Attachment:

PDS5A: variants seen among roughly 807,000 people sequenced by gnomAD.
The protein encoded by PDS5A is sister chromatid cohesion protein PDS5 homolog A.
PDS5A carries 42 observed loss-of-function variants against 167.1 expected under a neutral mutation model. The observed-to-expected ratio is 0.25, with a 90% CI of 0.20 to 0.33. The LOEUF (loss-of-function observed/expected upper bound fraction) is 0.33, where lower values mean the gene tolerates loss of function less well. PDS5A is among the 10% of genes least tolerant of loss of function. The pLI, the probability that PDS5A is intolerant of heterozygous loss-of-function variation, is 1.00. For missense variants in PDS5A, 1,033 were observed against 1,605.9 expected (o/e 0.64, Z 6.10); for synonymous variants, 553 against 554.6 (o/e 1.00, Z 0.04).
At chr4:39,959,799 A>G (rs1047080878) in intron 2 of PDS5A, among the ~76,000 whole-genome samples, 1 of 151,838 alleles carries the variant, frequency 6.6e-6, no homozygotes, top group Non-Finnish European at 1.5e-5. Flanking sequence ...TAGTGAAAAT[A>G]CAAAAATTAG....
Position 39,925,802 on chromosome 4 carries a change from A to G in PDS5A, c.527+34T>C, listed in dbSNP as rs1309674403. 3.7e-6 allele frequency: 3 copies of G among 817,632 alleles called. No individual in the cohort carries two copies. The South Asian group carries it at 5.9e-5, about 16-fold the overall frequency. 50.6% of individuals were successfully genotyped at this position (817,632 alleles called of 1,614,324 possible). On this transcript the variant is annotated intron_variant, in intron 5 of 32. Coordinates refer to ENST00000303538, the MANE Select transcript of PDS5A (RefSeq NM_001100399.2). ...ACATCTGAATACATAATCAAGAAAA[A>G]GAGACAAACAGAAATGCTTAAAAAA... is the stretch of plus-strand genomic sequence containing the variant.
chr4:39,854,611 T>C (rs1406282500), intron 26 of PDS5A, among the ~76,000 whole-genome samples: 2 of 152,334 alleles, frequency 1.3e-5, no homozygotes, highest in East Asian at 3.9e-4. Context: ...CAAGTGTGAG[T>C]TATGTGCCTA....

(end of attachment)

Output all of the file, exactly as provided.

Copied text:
PDS5A: variants seen among roughly 807,000 people sequenced by gnomAD.
The protein encoded by PDS5A is sister chromatid cohesion protein PDS5 homolog A.
PDS5A carries 42 observed loss-of-function variants against 167.1 expected under a neutral mutation model. The observed-to-expected ratio is 0.25, with a 90% CI of 0.20 to 0.33. The LOEUF (loss-of-function observed/expected upper bound fraction) is 0.33, where lower values mean the gene tolerates loss of function less well. PDS5A is among the 10% of genes least tolerant of loss of function. The pLI, the probability that PDS5A is intolerant of heterozygous loss-of-function variation, is 1.00. For missense variants in PDS5A, 1,033 were observed against 1,605.9 expected (o/e 0.64, Z 6.10); for synonymous variants, 553 against 554.6 (o/e 1.00, Z 0.04).
At chr4:39,959,799 A>G (rs1047080878) in intron 2 of PDS5A, among the ~76,000 whole-genome samples, 1 of 151,838 alleles carries the variant, frequency 6.6e-6, no homozygotes, top group Non-Finnish European at 1.5e-5. Flanking sequence ...TAGTGAAAAT[A>G]CAAAAATTAG....
Position 39,925,802 on chromosome 4 carries a change from A to G in PDS5A, c.527+34T>C, listed in dbSNP as rs1309674403. 3.7e-6 allele frequency: 3 copies of G among 817,632 alleles called. No individual in the cohort carries two copies. The South Asian group carries it at 5.9e-5, about 16-fold the overall frequency. 50.6% of individuals were successfully genotyped at this position (817,632 alleles called of 1,614,324 possible). On this transcript the variant is annotated intron_variant, in intron 5 of 32. Coordinates refer to ENST00000303538, the MANE Select transcript of PDS5A (RefSeq NM_001100399.2). ...ACATCTGAATACATAATCAAGAAAA[A>G]GAGACAAACAGAAATGCTTAAAAAA... is the stretch of plus-strand genomic sequence containing the variant.
chr4:39,854,611 T>C (rs1406282500), intron 26 of PDS5A, among the ~76,000 whole-genome samples: 2 of 152,334 alleles, frequency 1.3e-5, no homozygotes, highest in East Asian at 3.9e-4. Context: ...CAAGTGTGAG[T>C]TATGTGCCTA....